The microbes are most likely most likely fed by oxidants descending from the upper levels of the ocean, and by reductants rising from hydrothermal activity in the moon’s core. Both of these, in the right balance, can kick-start basic and microbial life, providing food and energy, whilst providing conditions in which further chemical compounds microbes could use to survive. The researcher’s modelling demonstrates that the likely conditions within Enceladus are within the parameters for that balance to be met and for the necessary interactions to help create other compounds.
In fact, the modelling revealed that the conditions within the Enceladus ocean could support multiple pathways by which life could develop within the moon’s ocean. In particular, it showed that oxidant production and oxidation chemistry could contribute could supply sufficient “food” that, with the energy (heat) emanating from within the moon’s core is capable of supporting ” a metabolically diverse microbial community on Enceladus”.
That doesn’t mean there is life within Enceladus, but it does lift the case for a mission to the moon to examine what is going on there through the collection of samples from the geyser plumes.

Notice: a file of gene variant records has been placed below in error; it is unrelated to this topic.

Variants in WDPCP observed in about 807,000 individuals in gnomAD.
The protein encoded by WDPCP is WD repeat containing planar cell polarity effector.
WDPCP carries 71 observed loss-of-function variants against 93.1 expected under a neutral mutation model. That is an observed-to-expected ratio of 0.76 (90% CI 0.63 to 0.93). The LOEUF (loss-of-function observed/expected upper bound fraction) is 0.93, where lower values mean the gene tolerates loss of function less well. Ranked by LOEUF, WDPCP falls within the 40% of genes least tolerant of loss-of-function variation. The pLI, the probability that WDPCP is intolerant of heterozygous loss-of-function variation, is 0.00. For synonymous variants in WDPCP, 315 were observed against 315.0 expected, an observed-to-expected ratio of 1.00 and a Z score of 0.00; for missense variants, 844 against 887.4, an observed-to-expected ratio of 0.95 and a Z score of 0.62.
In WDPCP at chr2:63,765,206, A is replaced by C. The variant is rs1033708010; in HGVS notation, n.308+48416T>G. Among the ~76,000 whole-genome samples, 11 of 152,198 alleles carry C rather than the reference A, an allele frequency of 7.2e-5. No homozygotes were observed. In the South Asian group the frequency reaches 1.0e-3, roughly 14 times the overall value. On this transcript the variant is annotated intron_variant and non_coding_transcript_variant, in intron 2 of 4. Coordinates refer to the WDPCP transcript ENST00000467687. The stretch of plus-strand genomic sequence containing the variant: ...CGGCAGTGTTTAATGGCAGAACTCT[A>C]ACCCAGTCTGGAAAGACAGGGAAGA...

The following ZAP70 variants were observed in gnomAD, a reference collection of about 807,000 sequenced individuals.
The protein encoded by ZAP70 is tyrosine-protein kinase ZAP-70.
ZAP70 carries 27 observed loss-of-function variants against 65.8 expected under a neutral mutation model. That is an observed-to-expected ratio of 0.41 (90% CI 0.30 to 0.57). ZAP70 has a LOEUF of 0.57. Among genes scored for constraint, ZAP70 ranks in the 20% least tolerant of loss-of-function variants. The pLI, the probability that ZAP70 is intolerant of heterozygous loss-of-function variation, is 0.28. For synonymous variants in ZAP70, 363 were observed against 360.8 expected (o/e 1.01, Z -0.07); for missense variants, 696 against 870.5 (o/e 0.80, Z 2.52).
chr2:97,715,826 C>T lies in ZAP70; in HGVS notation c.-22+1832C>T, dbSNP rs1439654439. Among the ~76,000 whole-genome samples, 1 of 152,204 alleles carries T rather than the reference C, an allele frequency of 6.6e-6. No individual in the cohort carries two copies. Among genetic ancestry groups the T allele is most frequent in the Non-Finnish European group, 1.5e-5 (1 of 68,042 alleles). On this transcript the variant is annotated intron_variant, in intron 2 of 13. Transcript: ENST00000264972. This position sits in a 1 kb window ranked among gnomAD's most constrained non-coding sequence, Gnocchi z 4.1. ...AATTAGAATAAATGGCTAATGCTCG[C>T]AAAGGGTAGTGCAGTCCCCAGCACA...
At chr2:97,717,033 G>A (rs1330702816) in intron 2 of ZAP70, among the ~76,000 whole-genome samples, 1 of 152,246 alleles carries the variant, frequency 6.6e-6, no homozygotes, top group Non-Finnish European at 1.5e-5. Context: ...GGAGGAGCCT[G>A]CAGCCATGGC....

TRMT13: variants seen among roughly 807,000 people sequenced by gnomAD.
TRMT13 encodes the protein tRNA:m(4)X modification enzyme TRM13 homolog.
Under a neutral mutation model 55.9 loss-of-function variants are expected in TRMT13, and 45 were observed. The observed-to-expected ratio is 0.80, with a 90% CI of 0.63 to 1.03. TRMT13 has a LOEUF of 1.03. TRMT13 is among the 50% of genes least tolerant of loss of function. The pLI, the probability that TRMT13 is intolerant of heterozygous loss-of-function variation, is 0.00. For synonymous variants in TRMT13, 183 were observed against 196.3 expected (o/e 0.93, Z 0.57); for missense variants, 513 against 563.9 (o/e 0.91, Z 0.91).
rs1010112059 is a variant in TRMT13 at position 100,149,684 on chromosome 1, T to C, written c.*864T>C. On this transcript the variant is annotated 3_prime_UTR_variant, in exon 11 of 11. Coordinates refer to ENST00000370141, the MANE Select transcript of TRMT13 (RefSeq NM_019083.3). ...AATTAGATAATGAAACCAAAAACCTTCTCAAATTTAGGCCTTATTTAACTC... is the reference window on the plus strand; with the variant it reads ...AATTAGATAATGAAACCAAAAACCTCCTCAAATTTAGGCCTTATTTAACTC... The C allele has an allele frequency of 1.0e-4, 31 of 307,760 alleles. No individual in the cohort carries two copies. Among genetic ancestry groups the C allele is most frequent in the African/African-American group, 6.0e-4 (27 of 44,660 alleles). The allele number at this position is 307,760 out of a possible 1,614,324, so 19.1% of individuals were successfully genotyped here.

Now that we’ve identified potential food sources for microbes, the next question to ask is ‘what is the nature of the complex organics that are coming out of the ocean? This new paper is another step in understanding how a small moon can sustain life in ways that completely exceed our expectations.
– SwRI Program Director Dr. Hunter Waite
Just such a mission was proposed in 2015 – the Enceladus Life Finder (ELF). This was originally put forward for funding in 2015 as a part of NASA’s Discovery programme, but failed to get selected. It was again put forward in 2017 for funding under NASA’s New Frontiers programme, but again was not selected. Were it to be approved, ELF would orbit Saturn and make multiple passes over Enceladus and through the geyser plumes to seek amino acids, the building blocks of proteins, analyse fatty acids, and determine whether methane (CH4) found in the plumes could have been produced by living organisms.